Benjamin S. Butcher -- Chief Executive Officer, President and Chairman

Well, I think one of the things that we continue to take advantage of is that they're not consistent competition across all the places we look. So as we evaluate the competition at some of the -- competing for some of the assets we acquired, there is basically -- there are almost no names that come up more than once in those kind of assays of competition. So we're not seeing I think any particularly new competition or increased competition for assets. It's just there's competition out there with that rates where they are and obviously, industrial being a very favorite asset class.

It continues to be competition everywhere, but we're out there in 60-plus markets looking broadly across those markets and still only with our pricing discipline someone inquiring and say about 15% of the ones that we underwrite. So it is a -- it's more the fact that there is competition out there, but we have a very broad level of inquiry and we're able to find assets in increasing levels in terms of volume of acquisitions.

Michael Carroll -- RBC Capital Markets -- Analyst

Okay. And then I mean looking at your -- I guess, your pipeline of assets, you're looking at right now. I guess, what's the breakout between the remaining lease term on some of those assets? Is it longer like we've seen in the second quarter, or is it more normal like we have seen over the past few years?

Benjamin S. Butcher -- Chief Executive Officer, President and Chairman

Steve is going to give you little -- status of the pipeline as he looks at it right now. My suspicion is that the average remaining lease term is probably not that much different than it's been over the last couple of years.

Stephen C. Mecke -- Chief Operating Officer and Executive Vice President

Yeah, that's exactly true. It's basically running very similar to what we had in the last couple of years. It all depends on a mix. I mean, this quarter, it was just a different mix than previous quarters. So the 11 plus years is probably less indicative of the normalized lease term.

Matts Pinard -- Vice President of Investor Relations

Skewed up by a couple of longer lean-up -- particularly longer lease terms. I think that we've been able to extend the lease some of the portfolio a little bit over the last couple of quarters and last year, but we're looking to buy opportunity where we find it. And if the opportunity is in shorter lease terms to provide better cash flow over time to our shareholders, that's where we'll go. But we're agnostic at the lease term as we are to most things. We're just looking for the best long-term returns for our shareholders.

Michael Carroll -- RBC Capital Markets -- Analyst

Okay. Then going forward looking at acquisition cap rates, I guess, is it fair to assume that those deals are going to be completed in the high 6% range, kind of in line with the initial guidance range that was provided?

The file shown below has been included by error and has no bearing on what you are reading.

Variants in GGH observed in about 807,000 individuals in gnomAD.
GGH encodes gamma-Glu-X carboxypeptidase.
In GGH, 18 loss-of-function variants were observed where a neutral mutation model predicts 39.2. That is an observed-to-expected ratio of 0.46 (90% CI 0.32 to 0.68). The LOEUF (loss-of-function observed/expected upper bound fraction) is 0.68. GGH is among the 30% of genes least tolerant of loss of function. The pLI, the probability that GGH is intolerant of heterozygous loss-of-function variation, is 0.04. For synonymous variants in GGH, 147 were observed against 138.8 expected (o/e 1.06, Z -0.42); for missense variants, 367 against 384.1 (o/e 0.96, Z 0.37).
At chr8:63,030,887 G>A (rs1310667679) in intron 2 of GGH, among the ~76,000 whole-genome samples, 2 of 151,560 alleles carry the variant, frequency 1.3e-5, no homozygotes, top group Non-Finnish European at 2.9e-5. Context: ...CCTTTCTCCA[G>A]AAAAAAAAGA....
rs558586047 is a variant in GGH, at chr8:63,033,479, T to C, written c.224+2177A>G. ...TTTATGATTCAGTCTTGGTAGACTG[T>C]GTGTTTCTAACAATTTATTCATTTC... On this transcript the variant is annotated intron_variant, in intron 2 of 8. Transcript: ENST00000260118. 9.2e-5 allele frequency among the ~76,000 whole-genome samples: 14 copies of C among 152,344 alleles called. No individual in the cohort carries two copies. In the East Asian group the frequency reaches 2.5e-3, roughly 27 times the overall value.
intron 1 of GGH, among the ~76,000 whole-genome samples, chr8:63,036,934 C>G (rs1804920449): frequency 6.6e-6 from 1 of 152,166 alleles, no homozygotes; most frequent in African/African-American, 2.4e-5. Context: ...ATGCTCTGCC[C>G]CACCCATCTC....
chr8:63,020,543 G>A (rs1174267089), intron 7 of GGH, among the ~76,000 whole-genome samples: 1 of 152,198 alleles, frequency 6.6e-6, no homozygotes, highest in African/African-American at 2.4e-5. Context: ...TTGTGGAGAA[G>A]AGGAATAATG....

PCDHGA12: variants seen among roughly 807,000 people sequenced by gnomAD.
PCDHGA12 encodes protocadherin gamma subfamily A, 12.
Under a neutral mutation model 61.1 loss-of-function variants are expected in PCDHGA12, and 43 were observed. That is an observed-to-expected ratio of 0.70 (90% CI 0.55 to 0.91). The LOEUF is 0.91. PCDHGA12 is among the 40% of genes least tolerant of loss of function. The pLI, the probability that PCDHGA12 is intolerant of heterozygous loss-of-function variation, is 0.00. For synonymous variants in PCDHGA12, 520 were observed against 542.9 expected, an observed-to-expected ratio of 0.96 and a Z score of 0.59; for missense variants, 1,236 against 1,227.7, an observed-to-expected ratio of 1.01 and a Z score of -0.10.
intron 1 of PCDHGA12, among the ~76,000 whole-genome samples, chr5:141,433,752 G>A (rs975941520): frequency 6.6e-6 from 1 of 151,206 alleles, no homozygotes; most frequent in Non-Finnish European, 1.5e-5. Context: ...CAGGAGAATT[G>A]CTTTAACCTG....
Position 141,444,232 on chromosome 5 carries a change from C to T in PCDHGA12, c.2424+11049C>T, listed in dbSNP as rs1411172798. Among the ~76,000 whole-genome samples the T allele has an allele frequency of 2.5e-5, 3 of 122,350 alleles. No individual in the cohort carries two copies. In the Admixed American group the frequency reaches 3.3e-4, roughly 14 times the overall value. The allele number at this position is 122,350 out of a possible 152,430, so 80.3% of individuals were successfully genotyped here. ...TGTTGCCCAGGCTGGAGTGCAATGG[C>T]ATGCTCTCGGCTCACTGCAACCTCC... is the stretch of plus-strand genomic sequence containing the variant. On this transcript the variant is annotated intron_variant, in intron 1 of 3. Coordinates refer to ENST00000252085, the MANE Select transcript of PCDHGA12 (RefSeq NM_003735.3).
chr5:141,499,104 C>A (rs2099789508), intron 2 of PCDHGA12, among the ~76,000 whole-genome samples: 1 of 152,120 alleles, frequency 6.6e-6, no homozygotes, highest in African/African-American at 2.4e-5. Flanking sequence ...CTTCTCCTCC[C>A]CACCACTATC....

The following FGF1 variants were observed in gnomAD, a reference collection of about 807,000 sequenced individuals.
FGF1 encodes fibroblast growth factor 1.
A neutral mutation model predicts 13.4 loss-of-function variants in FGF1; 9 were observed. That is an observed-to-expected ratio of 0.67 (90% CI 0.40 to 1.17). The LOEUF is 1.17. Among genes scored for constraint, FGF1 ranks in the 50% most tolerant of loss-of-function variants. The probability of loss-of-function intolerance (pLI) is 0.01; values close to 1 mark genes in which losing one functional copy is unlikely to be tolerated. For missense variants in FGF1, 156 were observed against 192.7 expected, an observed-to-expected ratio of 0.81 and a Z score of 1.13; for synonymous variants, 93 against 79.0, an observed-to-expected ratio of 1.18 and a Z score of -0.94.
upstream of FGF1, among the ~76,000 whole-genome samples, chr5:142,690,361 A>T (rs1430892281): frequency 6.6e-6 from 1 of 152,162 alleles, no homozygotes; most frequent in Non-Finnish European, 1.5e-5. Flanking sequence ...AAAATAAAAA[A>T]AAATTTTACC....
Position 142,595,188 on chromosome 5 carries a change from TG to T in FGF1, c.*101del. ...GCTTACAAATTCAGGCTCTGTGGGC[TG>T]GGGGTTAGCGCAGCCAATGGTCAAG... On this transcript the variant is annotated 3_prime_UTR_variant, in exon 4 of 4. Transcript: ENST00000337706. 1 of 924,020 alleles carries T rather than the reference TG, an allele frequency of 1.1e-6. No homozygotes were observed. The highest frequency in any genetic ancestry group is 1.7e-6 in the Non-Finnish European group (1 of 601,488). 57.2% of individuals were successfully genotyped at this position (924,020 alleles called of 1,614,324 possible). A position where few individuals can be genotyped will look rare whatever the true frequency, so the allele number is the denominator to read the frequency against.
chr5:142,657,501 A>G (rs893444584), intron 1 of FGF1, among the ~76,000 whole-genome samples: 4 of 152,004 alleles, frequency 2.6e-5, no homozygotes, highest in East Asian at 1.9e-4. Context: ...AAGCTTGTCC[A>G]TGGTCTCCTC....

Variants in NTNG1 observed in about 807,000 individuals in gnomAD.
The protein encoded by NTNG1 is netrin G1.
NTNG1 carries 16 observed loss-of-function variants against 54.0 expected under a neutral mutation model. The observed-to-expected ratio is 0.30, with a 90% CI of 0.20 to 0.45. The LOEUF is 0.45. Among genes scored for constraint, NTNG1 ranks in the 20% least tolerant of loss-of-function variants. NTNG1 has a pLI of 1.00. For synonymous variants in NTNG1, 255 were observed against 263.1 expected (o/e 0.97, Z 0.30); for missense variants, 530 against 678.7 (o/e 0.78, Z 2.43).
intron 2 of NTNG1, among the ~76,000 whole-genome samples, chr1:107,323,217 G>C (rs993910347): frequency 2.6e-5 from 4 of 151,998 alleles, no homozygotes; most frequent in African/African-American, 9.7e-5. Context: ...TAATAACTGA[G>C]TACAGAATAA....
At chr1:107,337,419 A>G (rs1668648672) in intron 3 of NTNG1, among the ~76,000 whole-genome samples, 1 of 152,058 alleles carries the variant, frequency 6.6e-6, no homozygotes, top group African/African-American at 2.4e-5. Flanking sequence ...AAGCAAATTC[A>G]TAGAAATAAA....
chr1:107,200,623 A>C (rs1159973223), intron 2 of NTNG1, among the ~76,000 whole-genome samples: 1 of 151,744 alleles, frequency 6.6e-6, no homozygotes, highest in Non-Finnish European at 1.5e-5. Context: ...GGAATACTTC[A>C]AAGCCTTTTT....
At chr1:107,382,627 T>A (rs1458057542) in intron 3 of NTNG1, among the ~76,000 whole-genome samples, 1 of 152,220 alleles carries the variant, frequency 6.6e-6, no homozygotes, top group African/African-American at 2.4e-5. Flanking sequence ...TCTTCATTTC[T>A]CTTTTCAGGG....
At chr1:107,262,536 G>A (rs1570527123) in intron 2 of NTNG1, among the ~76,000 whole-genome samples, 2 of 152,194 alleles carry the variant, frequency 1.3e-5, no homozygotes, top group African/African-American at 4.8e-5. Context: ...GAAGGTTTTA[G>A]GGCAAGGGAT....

Benjamin S. Butcher -- Chief Executive Officer, President and Chairman

Well, we reduced our guidance range for the year. This quarter 6.25% to 6.75%. So we feel pretty -- really comfortable that we'll be within that range.

Michael Carroll -- RBC Capital Markets -- Analyst

But that was due to the 2Q activity. I guess if you're looking at the second half activity, it's going to be back to what was previously expected and the reduction in this quarter was mainly due to the low cap rates completed this quarter.

Benjamin S. Butcher -- Chief Executive Officer, President and Chairman

So, Mike for the year we're still in that -- for the year, our cash cap rates are still -- stabilized cap rates are still in the range of 6.25% to 6.70%. This second quarter was below, but for the year, we're still in that range. So we're not expecting a material change from sort of where we've been running on cap rates.

Michael Carroll -- RBC Capital Markets -- Analyst

Okay. Thanks.

Operator

The next question is from Mitch Germain of JMP Securities. Please go ahead.

Mitchell Bradley Germain -- JMP Securities -- Analyst

Just one more cap rate question. I mean, how do we consider the cap rate on Columbus versus what a more traditional cap rate from what I'd characterize be a standard acquisition that you guys make? How should we think about the differential there?

Benjamin S. Butcher -- Chief Executive Officer, President and Chairman

Well, I think as we've said a few times, the cap rate is just a point in time measure that that asset has a nearly 15-year lease with brand new buildings of very low capex as rent bumps. And as Bill mentioned, the cash -- excuse me the GAAP cap rates are much -- straight line cap rates are much higher, 70 basis points higher across our all of our acquisitions, so for the quarter. So it's really going to have a lower cap rate because it has a very strong credit and a long-term lease with bumps and no capex. So you can develop or you will develop the kind of accretive cash flow -- long-term cash flow we're looking for out of the lower cap rate. So yes, it will be a lower cap rate and demonstrably lower cap rate because of all those factors.

Mitchell Bradley Germain -- JMP Securities -- Analyst

Got you. And then, you might have talked about this last quarter and I apologize if you went into a detail, how many other development type opportunities that you're doing in New Jersey? How much of that exists in your portfolio today?

Benjamin S. Butcher -- Chief Executive Officer, President and Chairman

Well, I mean, there is excess land and a lot of the assets we own in varying degrees because the best way to or the most common way to lose a tenant is the building is not big enough. So the ability to expand the building is something that we look for. And certainly on build-to-suit transactions, people build in generally expansion capability on the site.